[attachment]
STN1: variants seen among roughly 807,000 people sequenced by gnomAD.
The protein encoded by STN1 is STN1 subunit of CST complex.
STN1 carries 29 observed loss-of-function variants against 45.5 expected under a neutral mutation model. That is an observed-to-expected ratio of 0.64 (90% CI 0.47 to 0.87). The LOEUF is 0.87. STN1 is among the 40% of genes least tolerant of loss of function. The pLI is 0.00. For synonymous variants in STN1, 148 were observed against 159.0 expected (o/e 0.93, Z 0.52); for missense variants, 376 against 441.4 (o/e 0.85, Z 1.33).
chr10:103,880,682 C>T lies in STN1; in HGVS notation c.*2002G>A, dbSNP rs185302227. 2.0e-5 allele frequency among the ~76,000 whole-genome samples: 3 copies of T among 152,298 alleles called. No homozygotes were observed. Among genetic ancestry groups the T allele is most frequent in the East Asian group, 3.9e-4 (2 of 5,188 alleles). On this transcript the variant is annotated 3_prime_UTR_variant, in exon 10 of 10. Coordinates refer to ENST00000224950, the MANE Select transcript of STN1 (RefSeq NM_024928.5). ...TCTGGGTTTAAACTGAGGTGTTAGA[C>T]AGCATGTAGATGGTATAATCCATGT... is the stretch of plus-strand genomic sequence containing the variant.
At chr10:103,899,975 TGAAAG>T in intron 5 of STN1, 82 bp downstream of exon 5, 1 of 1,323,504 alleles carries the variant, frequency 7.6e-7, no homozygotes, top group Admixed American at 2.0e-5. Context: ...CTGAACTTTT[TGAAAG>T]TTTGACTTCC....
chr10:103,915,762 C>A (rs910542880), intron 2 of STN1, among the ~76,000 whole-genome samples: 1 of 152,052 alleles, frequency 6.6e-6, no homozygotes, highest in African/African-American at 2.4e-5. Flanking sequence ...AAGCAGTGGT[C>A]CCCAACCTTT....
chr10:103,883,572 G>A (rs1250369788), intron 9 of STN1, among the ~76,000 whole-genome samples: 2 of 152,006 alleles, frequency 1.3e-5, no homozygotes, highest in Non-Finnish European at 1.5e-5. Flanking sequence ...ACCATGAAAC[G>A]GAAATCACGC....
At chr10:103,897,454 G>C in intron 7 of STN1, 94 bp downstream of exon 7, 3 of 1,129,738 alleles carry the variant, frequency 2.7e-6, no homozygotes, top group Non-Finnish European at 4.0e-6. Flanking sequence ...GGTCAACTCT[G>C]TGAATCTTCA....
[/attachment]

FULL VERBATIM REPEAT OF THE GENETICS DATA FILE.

STN1: variants seen among roughly 807,000 people sequenced by gnomAD.
The protein encoded by STN1 is STN1 subunit of CST complex.
STN1 carries 29 observed loss-of-function variants against 45.5 expected under a neutral mutation model. That is an observed-to-expected ratio of 0.64 (90% CI 0.47 to 0.87). The LOEUF is 0.87. STN1 is among the 40% of genes least tolerant of loss of function. The pLI is 0.00. For synonymous variants in STN1, 148 were observed against 159.0 expected (o/e 0.93, Z 0.52); for missense variants, 376 against 441.4 (o/e 0.85, Z 1.33).
chr10:103,880,682 C>T lies in STN1; in HGVS notation c.*2002G>A, dbSNP rs185302227. 2.0e-5 allele frequency among the ~76,000 whole-genome samples: 3 copies of T among 152,298 alleles called. No homozygotes were observed. Among genetic ancestry groups the T allele is most frequent in the East Asian group, 3.9e-4 (2 of 5,188 alleles). On this transcript the variant is annotated 3_prime_UTR_variant, in exon 10 of 10. Coordinates refer to ENST00000224950, the MANE Select transcript of STN1 (RefSeq NM_024928.5). ...TCTGGGTTTAAACTGAGGTGTTAGA[C>T]AGCATGTAGATGGTATAATCCATGT... is the stretch of plus-strand genomic sequence containing the variant.
At chr10:103,899,975 TGAAAG>T in intron 5 of STN1, 82 bp downstream of exon 5, 1 of 1,323,504 alleles carries the variant, frequency 7.6e-7, no homozygotes, top group Admixed American at 2.0e-5. Context: ...CTGAACTTTT[TGAAAG>T]TTTGACTTCC....
chr10:103,915,762 C>A (rs910542880), intron 2 of STN1, among the ~76,000 whole-genome samples: 1 of 152,052 alleles, frequency 6.6e-6, no homozygotes, highest in African/African-American at 2.4e-5. Flanking sequence ...AAGCAGTGGT[C>A]CCCAACCTTT....
chr10:103,883,572 G>A (rs1250369788), intron 9 of STN1, among the ~76,000 whole-genome samples: 2 of 152,006 alleles, frequency 1.3e-5, no homozygotes, highest in Non-Finnish European at 1.5e-5. Flanking sequence ...ACCATGAAAC[G>A]GAAATCACGC....
At chr10:103,897,454 G>C in intron 7 of STN1, 94 bp downstream of exon 7, 3 of 1,129,738 alleles carry the variant, frequency 2.7e-6, no homozygotes, top group Non-Finnish European at 4.0e-6. Flanking sequence ...GGTCAACTCT[G>C]TGAATCTTCA....